The impact of the COVID-19 pandemic on nursing homes is well documented. For more than a year, countless elderly residents were denied face-to-face visits with their loved ones. While family members could not get into the facilities, the deadly virus found its way in, resulting in hundreds of thousands of deaths in care centers throughout the country.
Yet, even with restrictions lifted and the push for vaccinations continuing, that deadly number may rise even more.
A disproportion in vaccinations
Nearly 60 percent of nursing home staff are fully vaccinated. While that number is similar to the overall national average, it is lower than the 80 percent of nursing home residents who are vaccinated. Policy experts pressuring federal leaders to mandate vaccinations for nursing home staff are being met with resistance to take that step.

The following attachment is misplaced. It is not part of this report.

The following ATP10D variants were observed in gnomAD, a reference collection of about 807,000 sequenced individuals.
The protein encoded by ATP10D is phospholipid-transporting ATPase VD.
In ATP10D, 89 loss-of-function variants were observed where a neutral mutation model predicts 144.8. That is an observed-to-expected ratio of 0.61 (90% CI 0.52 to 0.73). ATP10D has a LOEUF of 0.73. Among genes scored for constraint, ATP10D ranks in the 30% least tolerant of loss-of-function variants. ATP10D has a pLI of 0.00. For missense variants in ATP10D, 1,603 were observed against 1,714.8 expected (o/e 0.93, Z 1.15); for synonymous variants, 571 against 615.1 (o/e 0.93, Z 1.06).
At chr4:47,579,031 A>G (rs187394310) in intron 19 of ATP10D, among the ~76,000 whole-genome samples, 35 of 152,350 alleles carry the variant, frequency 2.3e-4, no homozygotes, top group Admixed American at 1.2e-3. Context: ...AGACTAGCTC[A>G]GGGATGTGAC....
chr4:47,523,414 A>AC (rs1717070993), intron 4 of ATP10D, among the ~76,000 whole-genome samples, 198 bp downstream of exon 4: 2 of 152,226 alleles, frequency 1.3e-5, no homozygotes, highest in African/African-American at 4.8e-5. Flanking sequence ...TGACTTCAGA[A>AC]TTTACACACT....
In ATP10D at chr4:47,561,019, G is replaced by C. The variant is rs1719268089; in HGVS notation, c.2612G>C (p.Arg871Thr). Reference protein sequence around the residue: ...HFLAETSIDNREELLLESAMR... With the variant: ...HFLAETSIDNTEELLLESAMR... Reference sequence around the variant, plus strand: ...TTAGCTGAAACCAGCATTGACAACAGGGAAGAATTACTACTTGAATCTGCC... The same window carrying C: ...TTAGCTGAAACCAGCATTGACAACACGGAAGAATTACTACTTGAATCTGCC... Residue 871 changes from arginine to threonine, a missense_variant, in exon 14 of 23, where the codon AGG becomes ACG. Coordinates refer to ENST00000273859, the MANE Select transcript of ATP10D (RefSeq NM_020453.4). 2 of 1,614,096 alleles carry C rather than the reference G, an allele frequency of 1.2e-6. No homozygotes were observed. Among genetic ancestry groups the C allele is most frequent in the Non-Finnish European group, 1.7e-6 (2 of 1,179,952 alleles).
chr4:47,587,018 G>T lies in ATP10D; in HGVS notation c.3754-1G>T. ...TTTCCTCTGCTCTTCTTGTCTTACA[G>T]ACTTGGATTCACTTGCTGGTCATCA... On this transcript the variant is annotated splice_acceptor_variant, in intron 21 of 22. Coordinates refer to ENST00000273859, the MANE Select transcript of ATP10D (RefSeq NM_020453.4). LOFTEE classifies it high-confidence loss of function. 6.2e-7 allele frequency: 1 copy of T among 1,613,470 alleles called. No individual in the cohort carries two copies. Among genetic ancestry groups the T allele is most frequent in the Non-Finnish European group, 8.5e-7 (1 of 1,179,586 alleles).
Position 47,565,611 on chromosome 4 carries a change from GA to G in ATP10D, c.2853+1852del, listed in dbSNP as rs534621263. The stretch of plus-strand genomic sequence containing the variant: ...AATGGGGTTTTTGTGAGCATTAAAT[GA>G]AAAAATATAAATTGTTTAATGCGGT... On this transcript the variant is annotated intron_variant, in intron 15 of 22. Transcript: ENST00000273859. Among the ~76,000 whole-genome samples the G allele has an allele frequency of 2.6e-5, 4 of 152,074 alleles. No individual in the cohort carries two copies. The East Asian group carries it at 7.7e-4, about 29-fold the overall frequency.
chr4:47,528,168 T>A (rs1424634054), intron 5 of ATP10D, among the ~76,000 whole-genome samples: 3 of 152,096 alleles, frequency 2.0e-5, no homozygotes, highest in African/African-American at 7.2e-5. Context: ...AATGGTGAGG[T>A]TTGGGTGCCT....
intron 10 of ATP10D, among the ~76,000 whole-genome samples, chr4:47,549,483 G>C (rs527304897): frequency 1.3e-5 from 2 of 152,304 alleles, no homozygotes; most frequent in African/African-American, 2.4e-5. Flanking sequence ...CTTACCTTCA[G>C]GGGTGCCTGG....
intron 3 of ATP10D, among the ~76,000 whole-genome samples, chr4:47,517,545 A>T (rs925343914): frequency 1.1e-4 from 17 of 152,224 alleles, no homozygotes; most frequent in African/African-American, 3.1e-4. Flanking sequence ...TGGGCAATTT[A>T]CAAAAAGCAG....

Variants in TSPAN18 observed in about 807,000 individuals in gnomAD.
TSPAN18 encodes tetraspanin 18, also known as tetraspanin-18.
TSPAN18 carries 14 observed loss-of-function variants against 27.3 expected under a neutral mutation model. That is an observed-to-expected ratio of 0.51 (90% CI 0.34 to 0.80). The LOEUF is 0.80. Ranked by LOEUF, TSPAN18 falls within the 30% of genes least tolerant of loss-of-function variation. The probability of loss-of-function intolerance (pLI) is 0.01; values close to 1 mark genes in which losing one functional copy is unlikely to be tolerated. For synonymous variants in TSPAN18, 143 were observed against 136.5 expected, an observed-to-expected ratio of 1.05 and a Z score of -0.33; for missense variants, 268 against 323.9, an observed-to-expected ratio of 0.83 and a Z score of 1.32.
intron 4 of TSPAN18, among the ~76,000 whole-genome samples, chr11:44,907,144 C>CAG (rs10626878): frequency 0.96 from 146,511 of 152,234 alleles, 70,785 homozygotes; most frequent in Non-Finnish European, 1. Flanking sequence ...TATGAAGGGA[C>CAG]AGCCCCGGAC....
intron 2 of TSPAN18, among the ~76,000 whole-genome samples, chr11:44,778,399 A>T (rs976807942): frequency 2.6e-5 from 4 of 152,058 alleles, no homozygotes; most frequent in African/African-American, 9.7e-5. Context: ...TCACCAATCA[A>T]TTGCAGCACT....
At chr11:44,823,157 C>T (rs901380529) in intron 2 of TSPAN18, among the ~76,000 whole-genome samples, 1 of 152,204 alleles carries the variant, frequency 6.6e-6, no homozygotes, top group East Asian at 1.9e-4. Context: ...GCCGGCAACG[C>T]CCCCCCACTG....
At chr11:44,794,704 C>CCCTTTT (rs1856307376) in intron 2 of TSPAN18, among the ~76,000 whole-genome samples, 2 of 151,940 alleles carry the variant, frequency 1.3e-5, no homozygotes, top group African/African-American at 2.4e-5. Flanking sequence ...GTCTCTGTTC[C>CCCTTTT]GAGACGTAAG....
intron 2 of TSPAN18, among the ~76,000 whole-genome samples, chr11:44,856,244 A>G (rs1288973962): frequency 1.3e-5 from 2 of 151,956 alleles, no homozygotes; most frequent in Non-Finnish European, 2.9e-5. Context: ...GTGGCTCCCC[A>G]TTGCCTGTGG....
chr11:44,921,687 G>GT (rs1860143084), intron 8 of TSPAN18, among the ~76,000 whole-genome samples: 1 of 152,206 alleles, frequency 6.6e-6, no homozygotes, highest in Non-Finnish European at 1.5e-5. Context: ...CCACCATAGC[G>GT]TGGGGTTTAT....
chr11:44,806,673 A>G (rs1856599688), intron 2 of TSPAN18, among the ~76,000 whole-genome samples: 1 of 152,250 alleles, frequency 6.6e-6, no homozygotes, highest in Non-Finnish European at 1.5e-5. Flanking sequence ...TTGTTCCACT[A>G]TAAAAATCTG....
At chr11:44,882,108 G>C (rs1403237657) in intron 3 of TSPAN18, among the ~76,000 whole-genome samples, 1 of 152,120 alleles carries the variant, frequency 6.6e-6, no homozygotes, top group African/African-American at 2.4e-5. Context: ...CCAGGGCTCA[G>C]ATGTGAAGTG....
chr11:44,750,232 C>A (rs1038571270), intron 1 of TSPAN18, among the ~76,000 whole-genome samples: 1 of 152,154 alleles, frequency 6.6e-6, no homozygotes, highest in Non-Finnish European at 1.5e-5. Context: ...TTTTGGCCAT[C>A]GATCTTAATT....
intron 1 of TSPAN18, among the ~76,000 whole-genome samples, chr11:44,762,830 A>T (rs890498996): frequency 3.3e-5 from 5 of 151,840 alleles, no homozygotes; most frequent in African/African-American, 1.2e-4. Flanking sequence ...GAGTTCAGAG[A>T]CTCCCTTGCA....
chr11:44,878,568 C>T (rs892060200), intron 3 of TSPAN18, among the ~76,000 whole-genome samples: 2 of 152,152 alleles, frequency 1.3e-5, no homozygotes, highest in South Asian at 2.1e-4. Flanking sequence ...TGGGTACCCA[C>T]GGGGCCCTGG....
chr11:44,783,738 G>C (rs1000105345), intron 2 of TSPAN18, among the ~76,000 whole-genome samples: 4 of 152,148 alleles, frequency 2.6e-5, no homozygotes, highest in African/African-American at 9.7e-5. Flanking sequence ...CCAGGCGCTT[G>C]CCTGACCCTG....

They fear that staff members are skittish about getting vaccinations due to the FDA not fully approving the drugs. Instead of a shot, they will simply quit their jobs and pursue other employment.
The recent emergence of the Delta variant only increases the urgency. While most of the vaccinated who contract that type of coronavirus will experience mild symptoms, older adults who do not respond fully to the vaccine could face serious, if not fatal, consequences.
The Centers for Disease Control (CDC) reported that nursing home staff’s confirmed infections and deaths had dropped significantly since January. However, July saw that number starting to rise again.
Nursing home residents have bored the brunt of COVID-19. Denied personal contact with family and not being able to leave their facilities took a toll. Many of them died. Those who were stricken but survived now deal with severe respiratory issues and other health problems.
While the “easy answer” remains elusive, protecting their health is paramount. Those in nursing homes nationwide have already suffered enough loss.